Okinawa, Japan's southernmost prefecture, has developed a distinct architecture all its own, reflecting its subtropical setting and often harsh climate, as well as historical influences from mainland Japan and other countries, such as China and the United States.On this edition of Journeys in Japan, American architect James Lambiasi visits some of Okinawa's most notable buildings. He meets the local people and discovers the complex history that underlies its enduring culture.
1-1-1 Minato, Nago City, Okinawa Prefecture
Shuri Castle Park
1-2 Shuri Kinjo-cho, Naha City, Okinawa Prefecture
106 Ogusuku, Kitanakagusuku-son, Nakagami District, Okinawa Prefecture
Tel: +81-(0)98-935-3500 (in Japanese only)
Sakaemachi Market, 385 Asato, Naha City, Okinawa Prefecture
Tel: +81-(0)98-884-6640 (in Japanese only)
430 Taketomi, Taketomi-cho, Yaeyama District, Okinawa Prefecture
Tel: +81-(0)980-85-2558 (in Japanese only)
Traveler: James Lambiasi > More Info
Length of residence in Japan: 26 years
Reason:It is a great privilege to work as an architect in Japan, as I have been able to learn from the highly sophisticated design sense here, as well discover the deep appreciation for craft that goes into construction.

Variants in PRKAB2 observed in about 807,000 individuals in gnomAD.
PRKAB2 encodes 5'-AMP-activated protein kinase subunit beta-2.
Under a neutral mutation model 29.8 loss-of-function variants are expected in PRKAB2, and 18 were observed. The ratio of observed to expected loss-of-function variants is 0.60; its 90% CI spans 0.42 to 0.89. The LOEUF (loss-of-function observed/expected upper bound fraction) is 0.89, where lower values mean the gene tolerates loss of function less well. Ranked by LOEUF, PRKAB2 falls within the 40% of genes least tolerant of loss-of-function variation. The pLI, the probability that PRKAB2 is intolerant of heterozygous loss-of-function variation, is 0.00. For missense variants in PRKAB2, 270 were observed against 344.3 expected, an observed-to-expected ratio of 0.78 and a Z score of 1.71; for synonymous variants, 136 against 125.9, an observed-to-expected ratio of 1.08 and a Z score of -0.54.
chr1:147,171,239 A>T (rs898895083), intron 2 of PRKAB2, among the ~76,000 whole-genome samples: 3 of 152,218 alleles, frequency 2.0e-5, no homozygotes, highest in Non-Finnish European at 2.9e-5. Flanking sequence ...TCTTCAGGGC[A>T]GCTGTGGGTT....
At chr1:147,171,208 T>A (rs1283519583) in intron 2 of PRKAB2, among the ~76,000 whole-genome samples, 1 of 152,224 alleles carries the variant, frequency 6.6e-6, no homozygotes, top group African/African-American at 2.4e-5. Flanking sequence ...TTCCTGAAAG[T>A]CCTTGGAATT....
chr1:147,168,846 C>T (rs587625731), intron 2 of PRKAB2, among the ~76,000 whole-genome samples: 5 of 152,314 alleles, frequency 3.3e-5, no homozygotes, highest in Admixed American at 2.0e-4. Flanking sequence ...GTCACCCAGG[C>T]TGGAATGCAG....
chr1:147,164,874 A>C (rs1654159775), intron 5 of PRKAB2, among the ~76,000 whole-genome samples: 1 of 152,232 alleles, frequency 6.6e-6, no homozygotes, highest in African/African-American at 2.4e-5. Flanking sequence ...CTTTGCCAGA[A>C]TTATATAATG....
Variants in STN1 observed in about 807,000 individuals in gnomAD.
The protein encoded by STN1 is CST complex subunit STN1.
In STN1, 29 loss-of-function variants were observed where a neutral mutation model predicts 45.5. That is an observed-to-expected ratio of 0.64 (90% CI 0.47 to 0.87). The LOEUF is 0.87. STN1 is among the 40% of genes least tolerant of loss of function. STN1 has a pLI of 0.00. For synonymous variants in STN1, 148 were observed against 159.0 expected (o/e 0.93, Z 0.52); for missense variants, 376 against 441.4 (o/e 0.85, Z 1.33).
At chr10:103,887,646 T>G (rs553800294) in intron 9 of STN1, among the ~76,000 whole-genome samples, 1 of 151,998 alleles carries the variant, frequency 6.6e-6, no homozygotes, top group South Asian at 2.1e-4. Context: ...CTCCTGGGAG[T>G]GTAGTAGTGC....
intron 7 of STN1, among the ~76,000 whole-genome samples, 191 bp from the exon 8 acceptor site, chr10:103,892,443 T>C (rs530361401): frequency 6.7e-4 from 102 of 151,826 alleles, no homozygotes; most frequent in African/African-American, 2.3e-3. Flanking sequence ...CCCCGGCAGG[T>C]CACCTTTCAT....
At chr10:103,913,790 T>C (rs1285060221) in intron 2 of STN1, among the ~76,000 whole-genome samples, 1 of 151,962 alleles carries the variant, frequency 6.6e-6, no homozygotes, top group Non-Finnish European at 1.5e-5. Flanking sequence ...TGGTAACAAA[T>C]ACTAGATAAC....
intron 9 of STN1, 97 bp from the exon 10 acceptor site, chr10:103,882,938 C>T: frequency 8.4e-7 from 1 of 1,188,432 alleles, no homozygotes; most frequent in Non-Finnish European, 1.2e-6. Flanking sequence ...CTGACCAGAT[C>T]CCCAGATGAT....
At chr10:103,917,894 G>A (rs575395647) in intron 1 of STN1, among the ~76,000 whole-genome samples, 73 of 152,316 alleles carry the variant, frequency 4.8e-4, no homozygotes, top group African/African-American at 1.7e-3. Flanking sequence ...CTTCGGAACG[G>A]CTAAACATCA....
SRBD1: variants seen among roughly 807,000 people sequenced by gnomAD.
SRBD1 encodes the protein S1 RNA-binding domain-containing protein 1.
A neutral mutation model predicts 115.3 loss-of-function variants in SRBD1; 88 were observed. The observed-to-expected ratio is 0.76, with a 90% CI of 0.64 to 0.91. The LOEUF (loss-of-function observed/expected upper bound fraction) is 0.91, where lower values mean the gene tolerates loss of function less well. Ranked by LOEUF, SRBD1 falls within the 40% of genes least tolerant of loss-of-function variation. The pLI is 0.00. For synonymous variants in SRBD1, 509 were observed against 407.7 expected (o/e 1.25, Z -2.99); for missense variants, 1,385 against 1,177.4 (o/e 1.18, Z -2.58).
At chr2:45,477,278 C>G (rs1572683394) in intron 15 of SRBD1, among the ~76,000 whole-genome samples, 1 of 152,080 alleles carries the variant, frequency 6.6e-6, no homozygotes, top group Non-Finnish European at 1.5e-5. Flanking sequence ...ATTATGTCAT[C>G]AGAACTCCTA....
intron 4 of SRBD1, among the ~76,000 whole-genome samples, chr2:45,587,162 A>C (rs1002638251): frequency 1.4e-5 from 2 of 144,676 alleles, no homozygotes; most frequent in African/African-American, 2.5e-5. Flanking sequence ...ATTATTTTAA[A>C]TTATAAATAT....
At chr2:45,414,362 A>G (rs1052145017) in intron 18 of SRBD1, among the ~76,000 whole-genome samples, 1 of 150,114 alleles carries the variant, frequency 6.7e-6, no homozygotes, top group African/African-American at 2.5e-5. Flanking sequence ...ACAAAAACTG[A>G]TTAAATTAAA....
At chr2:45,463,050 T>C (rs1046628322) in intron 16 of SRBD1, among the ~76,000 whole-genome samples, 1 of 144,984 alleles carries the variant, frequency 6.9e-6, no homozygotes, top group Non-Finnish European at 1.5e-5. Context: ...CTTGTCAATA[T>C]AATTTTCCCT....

Architecture both creates, and is created by, its surrounding environment. It can be influenced by factors such as the culture of its people, its geography or its climate. Through my journey in the beautiful islands of Okinawa, I was able to learn about its very complicated history and fascinating architecture. I was able to see firsthand how architecture develops and changes in accordance with its tropical island environment, remotely located yet influenced by surrounding countries.
Shuri Castle is an example of Ryukyu architecture demonstrating both Chinese and Japanese architectural styles. This architecture fits the tropical climate, while simultaneously preserving a record of the tumultuous history between Japan and China.
The Nakamura Family Residence, an 18th century home of a wealthy farmer, reflects the Chinese cultural traditions of Feng Shui, with a strategically placed stone entry to deflect unwanted spirits. Also protecting the house is the traditional shisa lion/dog that sits prominently on the red tile roof. This roof, strong enough to withstand the regular typhoons, shows how years of tradition and adaptation to the climate create a unique design through local methods and materials.
These historic places, as well as many contemporary buildings, all show the power of architecture to preserve and convey important stories about the history of a people, which can be passed on to generations to come. I will treasure the experiences I gained through seeing the architecture of Okinawa, and through feeling such warm hospitality from the people of Okinawa.